Blogs For Teachers and Staff

Blogging in schools is a hot topic. We're told lots about the impact that getting your students blogging can have on literacy performance and concentration. It's all really good stuff. We will be covering our own best practice guide and discussing some opinions on students blogging next month. Because we don't hear lots about blogs for teachers and other staff so we thought we would cover that first.

If you've stumbled across this page and are very much getting started with blogs in your school, head on over to our post entitled Blogs - Getting Started - which will tell you everything you need to know about the practicalities of writing a blog.

In this post however, we will find about how you can implement blogs for teachers. Why you should blog. And how to really make sure your content is of value to your readers.

Blogs for Teachers - Why?

As a member of staff within a school or college, your voice is important. Keep those in the community in and around the school informed about what is going on in your school. If you are a class teacher, the parents and carers of the students in your charge want to know how their children are doing and what is happening that might affect them. Writing a blog is a really fantastic way to achieve that.

If you are in management at a school or college you will have an entirely different reason for blogging. If you are a headteacher, the school community needs to hear from you. Support the partnership with parents and carers by sharing regular content with them.

A blog is a great opportunity, whoever you are, to regularly engage with the community you serve. By offering valuable content to them you can effectively reach out the community you are integral to.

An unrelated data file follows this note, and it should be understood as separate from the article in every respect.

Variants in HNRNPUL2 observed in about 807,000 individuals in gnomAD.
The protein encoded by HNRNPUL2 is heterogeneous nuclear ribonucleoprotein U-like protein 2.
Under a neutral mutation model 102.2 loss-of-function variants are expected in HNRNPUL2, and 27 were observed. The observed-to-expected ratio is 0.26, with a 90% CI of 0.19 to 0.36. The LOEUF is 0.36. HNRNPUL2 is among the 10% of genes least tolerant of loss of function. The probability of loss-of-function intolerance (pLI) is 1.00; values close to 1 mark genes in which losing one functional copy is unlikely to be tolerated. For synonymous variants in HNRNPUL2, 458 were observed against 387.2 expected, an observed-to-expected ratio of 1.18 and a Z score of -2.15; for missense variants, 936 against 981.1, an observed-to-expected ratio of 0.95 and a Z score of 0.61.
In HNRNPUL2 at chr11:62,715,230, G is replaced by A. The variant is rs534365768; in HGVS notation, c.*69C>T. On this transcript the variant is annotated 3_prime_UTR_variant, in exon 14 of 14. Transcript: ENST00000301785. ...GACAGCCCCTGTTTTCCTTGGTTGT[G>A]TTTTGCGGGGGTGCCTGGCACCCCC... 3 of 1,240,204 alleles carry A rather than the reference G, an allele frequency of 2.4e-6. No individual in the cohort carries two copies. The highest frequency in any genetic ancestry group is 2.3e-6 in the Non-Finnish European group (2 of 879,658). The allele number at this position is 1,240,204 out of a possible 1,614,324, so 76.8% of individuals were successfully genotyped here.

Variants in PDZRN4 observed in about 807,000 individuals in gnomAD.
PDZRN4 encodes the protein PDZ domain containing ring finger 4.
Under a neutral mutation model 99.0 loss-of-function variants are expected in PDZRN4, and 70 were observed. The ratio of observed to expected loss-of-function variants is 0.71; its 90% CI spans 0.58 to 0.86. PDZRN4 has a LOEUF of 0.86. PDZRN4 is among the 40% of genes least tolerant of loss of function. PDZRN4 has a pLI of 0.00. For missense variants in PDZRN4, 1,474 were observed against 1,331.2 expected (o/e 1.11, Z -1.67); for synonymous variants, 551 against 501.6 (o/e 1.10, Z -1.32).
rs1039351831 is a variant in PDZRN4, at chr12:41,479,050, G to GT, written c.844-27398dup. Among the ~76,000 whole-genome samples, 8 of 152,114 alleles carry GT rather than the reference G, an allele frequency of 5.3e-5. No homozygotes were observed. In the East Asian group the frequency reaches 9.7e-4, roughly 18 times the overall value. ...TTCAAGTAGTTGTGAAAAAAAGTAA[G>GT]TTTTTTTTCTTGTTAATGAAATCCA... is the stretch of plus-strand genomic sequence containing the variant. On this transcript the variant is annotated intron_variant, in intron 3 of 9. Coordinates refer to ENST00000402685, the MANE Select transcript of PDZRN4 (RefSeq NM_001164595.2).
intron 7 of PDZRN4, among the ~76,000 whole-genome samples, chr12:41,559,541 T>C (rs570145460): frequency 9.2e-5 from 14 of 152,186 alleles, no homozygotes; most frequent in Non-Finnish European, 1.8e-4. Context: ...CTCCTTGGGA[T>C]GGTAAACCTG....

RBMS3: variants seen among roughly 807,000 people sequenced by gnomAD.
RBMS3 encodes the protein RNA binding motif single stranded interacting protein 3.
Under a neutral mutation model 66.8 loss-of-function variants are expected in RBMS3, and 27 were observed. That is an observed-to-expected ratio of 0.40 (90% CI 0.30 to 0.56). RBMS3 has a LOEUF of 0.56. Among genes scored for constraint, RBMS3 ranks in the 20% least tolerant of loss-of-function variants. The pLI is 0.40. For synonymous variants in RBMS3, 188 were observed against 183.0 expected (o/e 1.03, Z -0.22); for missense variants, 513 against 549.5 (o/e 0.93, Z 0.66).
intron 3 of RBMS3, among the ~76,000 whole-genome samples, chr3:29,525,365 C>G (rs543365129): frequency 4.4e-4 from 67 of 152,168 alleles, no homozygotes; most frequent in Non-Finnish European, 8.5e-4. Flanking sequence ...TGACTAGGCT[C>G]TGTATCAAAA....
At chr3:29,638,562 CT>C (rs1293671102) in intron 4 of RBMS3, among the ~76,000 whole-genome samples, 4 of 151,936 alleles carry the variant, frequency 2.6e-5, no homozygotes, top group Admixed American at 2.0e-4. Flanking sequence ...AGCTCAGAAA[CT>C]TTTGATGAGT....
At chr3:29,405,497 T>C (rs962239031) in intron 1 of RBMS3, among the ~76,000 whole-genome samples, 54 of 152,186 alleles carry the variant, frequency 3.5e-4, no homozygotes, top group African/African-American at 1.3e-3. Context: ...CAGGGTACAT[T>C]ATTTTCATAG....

Blogs for Teachers - What?

Always, always, always start with your audience. Your own interest in bird-watching does not mean your website audience shares that interest. If you think that what you write would be of interest to your readers then you are off to a great start.

If you are a class teacher, you could blog about what the students have focused on that week. This also has the great, added benefit of being a superb way of keeping a record of the work done in class.

If you are a headteacher, write about the direction the school is taking as a whole. Include any suitable to share decisions made in SLT or Governors over recent weeks. You can write about things that are going on in the local community or the press that warrant your comment. As a result you can publish content that will be reassuring or of interest to parents and carers of students in your school.

If you run the catering department, you could write about what is happening in school at the moment, tell parents of any special offers or event days that might be taking place or how a recent event went down with the students.

The options are limitless; just keep the audience in mind at all times and you are much more likely to hit home.

Teacher Blogs - Who Does it Well?

Examples are always a helpful way to help us find our own voice and decide where we might want to take our own blog. Also included below are a few blogs that we think are really useful and worth keeping an eye on. Especially note the formatting, the length, the content, the frequency. Think about how you might apply this to your community.

  • Tabula Rasa - an entertaining, sometimes irreverent but inspirational blog
  • This Is My Classroom - A detailed record of everything that happens in this primary school classroom
  • Hunting English - a brilliant, inspirational blog written by an English teacher based in York
  • Walmsley Primary School Year 5 - The Year 5 teacher and students all have their own blogs and regularly post short but valuable content

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